Synthesis of porous biomass fly ash-based geopolymer spheres for efficient removal of methylene blue from wastewaters
authors Novais, RM; Carvalheiras, J; Tobaldi, DM; Seabra, MP; Pullar, RC; Labrincha, JA
nationality International
journal JOURNAL OF CLEANER PRODUCTION
author keywords Adsorption; Inorganic polymer; Geopolymer; Porosity; Dye; Waste
keywords BASIC DYE ADSORPTION; AQUEOUS-SOLUTION; COMPOSITES; ADSORBENTS; PHOTOCATALYST; EQUILIBRIUM; MONOLITHS; BEHAVIOR; ZEOLITE; SURFACE
abstract In this work, and for the first time, fly ash (FA)-based geopolymer (d = 2.6 mm) spheres were used to extract methylene blue from synthetic wastewaters. The influence of sorption time, dye initial concentration and adsorbent amount on the dye removal efficiency and uptake by the porous spheres was evaluated. The adsorbents' recyclability and their dye fixation efficiency were also considered. The initial dye concentration strongly affected the uptake and removal efficiency by the porous bodies, the former rising from 1.1 to 30.1 mg/g when the dye initial concentration jumped from 10 to 250 ppm, and the latter increasing from 82.3% to 94.3% when the dye initial concentration varied from 10 to 125 ppm. Results showed a much faster (24 h) and higher (30.1 mg/g) methylene blue uptake in comparison with the other bulk-type geopolymers reported to date (30 h; 15.4 mg/g). The cumulative methylene blue uptake shown by these innovative spheres (79.7 mg/g) surpasses all other powdered geopolymer adsorbents, being among the highest values ever reported for geopolymers. The adsorbent was successfully regenerated and reused eight times. Regeneration was found to negatively affect the MB uptake, but nevertheless, even after eight regeneration cycles a very high MB removal efficiency (83%) was maintained. The use of these bulk-type waste-based geopolymer adsorbents is a low-cost, more eco-friendly, safer and easier alternative to the use of powdered adsorbents in wastewater treatment systems, since these similar to 3 mm spheres may be used directly in packed beds, and were produced using significant amounts of waste material. (C) 2018 Elsevier Ltd. All rights reserved.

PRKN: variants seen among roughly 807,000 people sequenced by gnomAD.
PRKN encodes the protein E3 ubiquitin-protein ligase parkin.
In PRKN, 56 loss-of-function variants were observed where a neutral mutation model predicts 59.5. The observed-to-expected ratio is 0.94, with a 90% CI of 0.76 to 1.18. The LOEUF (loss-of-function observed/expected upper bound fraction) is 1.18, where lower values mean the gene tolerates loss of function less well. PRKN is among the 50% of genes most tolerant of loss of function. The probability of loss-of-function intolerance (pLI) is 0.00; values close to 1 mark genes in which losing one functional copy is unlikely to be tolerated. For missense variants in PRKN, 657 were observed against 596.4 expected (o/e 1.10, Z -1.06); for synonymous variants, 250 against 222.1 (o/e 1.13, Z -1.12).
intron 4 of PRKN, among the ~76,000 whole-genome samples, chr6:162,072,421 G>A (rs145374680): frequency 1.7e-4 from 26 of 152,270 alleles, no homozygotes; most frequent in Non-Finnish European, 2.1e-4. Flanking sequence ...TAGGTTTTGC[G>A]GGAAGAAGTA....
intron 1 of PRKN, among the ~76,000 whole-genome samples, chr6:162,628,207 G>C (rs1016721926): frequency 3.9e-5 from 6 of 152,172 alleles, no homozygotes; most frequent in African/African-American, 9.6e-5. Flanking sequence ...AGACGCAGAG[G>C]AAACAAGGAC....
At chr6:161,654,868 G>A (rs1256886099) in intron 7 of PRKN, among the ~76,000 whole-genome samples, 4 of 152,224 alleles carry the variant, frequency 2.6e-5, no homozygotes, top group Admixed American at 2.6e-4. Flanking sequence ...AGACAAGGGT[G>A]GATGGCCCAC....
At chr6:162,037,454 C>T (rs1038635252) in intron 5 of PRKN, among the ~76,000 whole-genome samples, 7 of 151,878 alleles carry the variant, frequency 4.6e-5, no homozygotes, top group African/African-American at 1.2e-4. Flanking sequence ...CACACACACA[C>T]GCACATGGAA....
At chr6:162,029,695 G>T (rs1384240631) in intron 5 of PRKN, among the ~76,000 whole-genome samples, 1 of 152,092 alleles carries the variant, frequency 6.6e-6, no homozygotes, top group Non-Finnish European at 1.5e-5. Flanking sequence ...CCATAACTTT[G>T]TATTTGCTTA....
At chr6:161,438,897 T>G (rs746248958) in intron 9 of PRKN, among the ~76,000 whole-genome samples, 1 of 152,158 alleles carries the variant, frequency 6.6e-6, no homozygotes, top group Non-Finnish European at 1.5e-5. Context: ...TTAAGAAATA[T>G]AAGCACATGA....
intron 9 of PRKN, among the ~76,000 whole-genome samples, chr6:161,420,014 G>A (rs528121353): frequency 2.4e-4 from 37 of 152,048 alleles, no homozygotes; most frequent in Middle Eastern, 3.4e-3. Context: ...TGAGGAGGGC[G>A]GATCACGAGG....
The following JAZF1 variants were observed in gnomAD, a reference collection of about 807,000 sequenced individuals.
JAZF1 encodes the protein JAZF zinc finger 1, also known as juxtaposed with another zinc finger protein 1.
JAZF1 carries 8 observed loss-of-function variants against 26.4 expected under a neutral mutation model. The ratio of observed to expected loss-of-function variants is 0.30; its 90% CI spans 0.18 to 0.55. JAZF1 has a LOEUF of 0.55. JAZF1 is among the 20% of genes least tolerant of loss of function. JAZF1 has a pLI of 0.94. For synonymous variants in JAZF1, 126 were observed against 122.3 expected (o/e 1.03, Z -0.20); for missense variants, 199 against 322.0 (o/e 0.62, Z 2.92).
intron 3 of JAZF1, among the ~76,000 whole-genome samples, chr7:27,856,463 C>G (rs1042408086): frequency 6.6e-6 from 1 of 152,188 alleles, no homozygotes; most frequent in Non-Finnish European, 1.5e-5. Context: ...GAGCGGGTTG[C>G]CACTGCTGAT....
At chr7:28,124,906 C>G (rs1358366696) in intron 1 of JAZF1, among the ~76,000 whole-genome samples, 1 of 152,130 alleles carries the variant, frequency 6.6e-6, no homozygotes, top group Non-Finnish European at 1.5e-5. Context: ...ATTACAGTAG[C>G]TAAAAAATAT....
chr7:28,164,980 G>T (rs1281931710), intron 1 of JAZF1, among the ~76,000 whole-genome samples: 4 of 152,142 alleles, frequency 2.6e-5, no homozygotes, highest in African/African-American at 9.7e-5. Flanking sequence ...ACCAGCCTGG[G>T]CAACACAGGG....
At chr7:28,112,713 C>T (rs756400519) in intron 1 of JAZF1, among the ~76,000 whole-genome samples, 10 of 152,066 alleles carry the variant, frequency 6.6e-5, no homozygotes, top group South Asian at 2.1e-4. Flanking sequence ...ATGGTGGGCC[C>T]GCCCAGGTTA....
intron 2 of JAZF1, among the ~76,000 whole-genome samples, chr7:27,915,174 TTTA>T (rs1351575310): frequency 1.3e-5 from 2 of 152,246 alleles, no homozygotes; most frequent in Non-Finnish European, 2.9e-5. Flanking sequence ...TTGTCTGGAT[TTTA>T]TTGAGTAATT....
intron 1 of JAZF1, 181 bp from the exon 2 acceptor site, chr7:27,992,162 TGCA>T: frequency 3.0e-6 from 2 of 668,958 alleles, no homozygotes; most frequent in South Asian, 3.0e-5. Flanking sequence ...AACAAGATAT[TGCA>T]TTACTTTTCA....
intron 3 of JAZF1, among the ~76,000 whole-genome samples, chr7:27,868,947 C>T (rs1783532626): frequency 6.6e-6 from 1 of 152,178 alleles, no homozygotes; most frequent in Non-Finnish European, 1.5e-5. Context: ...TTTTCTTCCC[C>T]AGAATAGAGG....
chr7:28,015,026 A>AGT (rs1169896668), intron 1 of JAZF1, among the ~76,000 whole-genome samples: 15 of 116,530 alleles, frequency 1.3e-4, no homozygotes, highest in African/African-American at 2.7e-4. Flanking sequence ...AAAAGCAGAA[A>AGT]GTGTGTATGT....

publisher ELSEVIER SCI LTD
issn 0959-6526
year published 2019
volume 207
beginning page 350
ending page 362
digital object identifier (doi) 10.1016/j.jclepro.2018.09.265
web of science category Green & Sustainable Science & Technology; Engineering, Environmental; Environmental Sciences
subject category Science & Technology - Other Topics; Engineering; Environmental Sciences & Ecology
unique article identifier WOS:000451105200029
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